So what is the solution

BEWARE: I am basing my guide on Thomas config linked above.

First you need to change a few details in the ham/spam piping. Within the dovecot.conf down at the plugin settings you need to set the sieve_pipe_bin_dir option to the location, where the pipe scripts (following steps) will be stored. Beware to set the path as it will be in your docker image. My setting: sieve_pipe_bin_dir = /usr/local/sbin

Next adapt the sieve scripts. These scripts trigger the learning as you can see in dovecot.conf. Ham on copying out of SPAM folder, Spam on copying into SPAM folder. Do not forget to call sievec after placing them in the sieve folder.


require ["vnd.dovecot.pipe", "copy", "imapsieve"];
pipe :copy "rspamd-pipe-spam";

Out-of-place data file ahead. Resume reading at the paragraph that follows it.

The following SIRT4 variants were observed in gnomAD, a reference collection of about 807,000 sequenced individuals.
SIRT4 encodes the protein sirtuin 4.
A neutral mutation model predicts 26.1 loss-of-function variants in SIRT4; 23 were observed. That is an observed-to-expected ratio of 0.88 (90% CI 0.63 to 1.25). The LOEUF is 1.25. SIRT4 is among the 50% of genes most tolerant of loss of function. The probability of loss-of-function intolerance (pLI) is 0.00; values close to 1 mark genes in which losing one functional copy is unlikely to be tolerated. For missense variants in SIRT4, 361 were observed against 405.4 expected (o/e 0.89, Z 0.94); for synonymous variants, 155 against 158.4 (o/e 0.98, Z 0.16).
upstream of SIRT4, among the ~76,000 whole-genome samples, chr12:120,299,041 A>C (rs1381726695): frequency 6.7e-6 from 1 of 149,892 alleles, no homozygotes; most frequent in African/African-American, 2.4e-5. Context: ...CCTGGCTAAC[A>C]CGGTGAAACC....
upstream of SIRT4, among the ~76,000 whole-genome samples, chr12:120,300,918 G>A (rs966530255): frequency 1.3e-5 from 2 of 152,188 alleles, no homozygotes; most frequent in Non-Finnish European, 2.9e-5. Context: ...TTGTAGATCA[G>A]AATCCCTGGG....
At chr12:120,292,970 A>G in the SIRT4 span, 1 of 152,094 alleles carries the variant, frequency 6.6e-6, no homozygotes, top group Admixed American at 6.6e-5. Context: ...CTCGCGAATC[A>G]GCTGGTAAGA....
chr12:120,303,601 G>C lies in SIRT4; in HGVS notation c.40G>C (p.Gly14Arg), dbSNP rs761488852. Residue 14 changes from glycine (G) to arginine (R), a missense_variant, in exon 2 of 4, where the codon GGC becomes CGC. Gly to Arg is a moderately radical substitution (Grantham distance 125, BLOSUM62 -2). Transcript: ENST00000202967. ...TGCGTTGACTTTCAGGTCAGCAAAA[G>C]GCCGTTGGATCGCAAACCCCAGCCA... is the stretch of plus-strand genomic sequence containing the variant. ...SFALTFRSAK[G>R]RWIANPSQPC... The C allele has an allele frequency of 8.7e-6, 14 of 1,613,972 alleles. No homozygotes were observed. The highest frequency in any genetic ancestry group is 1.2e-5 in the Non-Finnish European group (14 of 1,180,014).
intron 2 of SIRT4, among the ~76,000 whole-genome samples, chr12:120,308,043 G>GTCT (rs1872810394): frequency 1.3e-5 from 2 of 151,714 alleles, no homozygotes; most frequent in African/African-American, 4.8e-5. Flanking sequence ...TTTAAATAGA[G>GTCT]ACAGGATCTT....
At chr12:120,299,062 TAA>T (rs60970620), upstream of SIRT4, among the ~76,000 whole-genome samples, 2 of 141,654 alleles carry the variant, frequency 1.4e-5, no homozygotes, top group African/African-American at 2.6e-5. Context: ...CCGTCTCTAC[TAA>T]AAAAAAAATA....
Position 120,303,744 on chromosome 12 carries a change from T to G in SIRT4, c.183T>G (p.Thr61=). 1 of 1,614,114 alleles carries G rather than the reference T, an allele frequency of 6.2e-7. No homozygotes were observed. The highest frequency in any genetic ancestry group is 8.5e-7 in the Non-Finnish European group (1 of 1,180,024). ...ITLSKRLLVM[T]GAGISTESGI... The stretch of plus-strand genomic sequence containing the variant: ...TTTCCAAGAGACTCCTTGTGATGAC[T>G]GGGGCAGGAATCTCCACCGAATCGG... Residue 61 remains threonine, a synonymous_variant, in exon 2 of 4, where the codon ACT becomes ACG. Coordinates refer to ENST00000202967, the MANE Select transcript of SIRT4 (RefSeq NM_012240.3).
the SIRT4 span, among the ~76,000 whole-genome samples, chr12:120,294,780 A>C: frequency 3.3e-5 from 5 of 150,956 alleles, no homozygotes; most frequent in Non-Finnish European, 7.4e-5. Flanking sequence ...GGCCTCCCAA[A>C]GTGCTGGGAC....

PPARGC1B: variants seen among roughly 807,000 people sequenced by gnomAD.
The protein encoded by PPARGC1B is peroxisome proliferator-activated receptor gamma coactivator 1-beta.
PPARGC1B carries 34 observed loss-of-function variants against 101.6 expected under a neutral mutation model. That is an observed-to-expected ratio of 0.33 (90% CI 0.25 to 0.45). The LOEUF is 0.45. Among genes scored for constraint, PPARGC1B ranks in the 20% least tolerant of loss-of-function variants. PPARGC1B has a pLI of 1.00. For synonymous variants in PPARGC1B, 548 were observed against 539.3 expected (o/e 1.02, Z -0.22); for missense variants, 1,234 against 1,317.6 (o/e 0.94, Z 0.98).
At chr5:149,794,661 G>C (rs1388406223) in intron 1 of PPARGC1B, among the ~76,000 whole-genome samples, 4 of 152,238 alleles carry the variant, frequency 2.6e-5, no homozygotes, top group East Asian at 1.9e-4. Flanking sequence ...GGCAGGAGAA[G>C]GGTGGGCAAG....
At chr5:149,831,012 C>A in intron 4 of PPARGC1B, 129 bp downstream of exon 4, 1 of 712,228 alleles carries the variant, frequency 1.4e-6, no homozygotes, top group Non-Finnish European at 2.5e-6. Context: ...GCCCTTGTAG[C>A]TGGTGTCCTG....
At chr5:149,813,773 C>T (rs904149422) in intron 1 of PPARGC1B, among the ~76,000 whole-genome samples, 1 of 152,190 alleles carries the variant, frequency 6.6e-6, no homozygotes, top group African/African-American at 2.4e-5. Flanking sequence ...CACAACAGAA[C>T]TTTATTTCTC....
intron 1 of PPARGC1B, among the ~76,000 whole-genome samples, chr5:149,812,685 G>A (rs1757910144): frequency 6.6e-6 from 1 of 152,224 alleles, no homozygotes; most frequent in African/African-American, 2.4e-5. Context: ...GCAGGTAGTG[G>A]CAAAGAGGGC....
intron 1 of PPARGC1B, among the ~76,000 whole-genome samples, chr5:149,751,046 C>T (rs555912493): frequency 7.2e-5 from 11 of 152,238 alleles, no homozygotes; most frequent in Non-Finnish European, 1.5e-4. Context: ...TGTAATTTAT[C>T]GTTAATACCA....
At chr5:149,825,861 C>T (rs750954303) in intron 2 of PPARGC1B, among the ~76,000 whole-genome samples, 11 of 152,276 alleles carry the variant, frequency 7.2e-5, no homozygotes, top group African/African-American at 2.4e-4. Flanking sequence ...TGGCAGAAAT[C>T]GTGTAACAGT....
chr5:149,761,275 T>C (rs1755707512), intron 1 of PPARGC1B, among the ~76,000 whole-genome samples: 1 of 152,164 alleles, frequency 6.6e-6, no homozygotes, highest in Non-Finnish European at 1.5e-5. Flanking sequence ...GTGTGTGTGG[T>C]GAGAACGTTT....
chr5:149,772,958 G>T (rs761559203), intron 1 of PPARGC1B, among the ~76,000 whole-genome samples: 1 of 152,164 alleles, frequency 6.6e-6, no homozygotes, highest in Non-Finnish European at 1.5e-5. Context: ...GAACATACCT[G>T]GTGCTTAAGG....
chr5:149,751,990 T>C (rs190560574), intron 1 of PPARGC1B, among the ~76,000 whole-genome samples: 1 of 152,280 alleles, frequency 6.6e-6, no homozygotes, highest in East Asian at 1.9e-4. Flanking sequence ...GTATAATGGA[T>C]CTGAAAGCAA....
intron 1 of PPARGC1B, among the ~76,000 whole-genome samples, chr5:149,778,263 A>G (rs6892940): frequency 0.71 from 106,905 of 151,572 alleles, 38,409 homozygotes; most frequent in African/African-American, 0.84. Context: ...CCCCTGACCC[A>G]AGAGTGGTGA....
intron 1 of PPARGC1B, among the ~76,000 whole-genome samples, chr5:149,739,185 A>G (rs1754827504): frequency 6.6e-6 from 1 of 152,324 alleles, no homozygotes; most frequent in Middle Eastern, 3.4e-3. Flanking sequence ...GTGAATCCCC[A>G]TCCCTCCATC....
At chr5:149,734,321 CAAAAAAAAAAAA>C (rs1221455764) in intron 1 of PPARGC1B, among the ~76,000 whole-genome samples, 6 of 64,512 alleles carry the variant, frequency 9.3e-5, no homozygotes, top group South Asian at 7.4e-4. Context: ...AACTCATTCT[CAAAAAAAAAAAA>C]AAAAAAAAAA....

require ["vnd.dovecot.pipe", "copy", "imapsieve"];
pipe :copy "rspamd-pipe-ham";

Now adapt the pipe scripts itself. These scripts will actually connect to rspamd to deliver the mail for learning. During docker image creation you will need to copy the rspamd-pipe-spam and rspam-pipe-ham scripts into the sieve_pipe_bin_dir location (first step ) and make them executable. The script is connecting via the container name rspamd if you have a different one, you need to change or use the IP.


cat $1 | /usr/bin/curl -s --data-binary @- http://rspamd:11334/learnspam
exit 0


cat $1 | /usr/bin/curl -s --data-binary @- http://rspamd:11334/learnham
exit 0

To allow this scripts to call rspamd you need to allow the IP of dovecot for the worker controller.

bind_socket = "rspamd container>:11334";
password = "<your pwd as described in the guide>";
secure_ip = "<dovecot container ip>";

This should enable ham/spam learning via sieve within a docker setup.